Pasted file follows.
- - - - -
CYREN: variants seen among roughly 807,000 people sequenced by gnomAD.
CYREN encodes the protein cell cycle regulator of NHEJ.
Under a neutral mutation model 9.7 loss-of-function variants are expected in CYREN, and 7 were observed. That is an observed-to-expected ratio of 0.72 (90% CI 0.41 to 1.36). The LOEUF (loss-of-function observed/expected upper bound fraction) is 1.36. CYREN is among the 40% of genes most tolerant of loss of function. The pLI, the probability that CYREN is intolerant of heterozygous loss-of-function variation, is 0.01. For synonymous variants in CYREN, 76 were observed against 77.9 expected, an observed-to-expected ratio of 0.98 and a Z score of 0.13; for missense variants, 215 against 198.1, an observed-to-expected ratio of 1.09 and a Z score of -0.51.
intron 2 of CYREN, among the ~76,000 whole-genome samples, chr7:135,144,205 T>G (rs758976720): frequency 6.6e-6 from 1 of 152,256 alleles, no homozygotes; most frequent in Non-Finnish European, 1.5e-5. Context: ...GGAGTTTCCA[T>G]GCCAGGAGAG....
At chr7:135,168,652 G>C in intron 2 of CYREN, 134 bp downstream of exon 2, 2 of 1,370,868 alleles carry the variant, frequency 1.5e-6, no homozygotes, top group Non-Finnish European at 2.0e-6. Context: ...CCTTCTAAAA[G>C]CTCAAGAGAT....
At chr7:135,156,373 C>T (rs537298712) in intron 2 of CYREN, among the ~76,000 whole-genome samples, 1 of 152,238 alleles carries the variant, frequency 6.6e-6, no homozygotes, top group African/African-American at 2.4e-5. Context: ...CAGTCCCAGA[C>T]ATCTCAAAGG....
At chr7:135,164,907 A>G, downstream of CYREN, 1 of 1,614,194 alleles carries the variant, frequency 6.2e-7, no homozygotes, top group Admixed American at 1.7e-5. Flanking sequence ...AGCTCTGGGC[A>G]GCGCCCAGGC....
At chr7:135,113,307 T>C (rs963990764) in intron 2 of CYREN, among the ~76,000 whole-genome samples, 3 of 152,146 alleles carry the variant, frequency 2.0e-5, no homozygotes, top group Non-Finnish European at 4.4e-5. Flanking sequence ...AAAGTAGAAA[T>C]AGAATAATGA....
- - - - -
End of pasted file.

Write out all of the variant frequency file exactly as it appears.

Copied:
CYREN: variants seen among roughly 807,000 people sequenced by gnomAD.
CYREN encodes the protein cell cycle regulator of NHEJ.
Under a neutral mutation model 9.7 loss-of-function variants are expected in CYREN, and 7 were observed. That is an observed-to-expected ratio of 0.72 (90% CI 0.41 to 1.36). The LOEUF (loss-of-function observed/expected upper bound fraction) is 1.36. CYREN is among the 40% of genes most tolerant of loss of function. The pLI, the probability that CYREN is intolerant of heterozygous loss-of-function variation, is 0.01. For synonymous variants in CYREN, 76 were observed against 77.9 expected, an observed-to-expected ratio of 0.98 and a Z score of 0.13; for missense variants, 215 against 198.1, an observed-to-expected ratio of 1.09 and a Z score of -0.51.
intron 2 of CYREN, among the ~76,000 whole-genome samples, chr7:135,144,205 T>G (rs758976720): frequency 6.6e-6 from 1 of 152,256 alleles, no homozygotes; most frequent in Non-Finnish European, 1.5e-5. Context: ...GGAGTTTCCA[T>G]GCCAGGAGAG....
At chr7:135,168,652 G>C in intron 2 of CYREN, 134 bp downstream of exon 2, 2 of 1,370,868 alleles carry the variant, frequency 1.5e-6, no homozygotes, top group Non-Finnish European at 2.0e-6. Context: ...CCTTCTAAAA[G>C]CTCAAGAGAT....
At chr7:135,156,373 C>T (rs537298712) in intron 2 of CYREN, among the ~76,000 whole-genome samples, 1 of 152,238 alleles carries the variant, frequency 6.6e-6, no homozygotes, top group African/African-American at 2.4e-5. Context: ...CAGTCCCAGA[C>T]ATCTCAAAGG....
At chr7:135,164,907 A>G, downstream of CYREN, 1 of 1,614,194 alleles carries the variant, frequency 6.2e-7, no homozygotes, top group Admixed American at 1.7e-5. Flanking sequence ...AGCTCTGGGC[A>G]GCGCCCAGGC....
At chr7:135,113,307 T>C (rs963990764) in intron 2 of CYREN, among the ~76,000 whole-genome samples, 3 of 152,146 alleles carry the variant, frequency 2.0e-5, no homozygotes, top group Non-Finnish European at 4.4e-5. Flanking sequence ...AAAGTAGAAA[T>C]AGAATAATGA....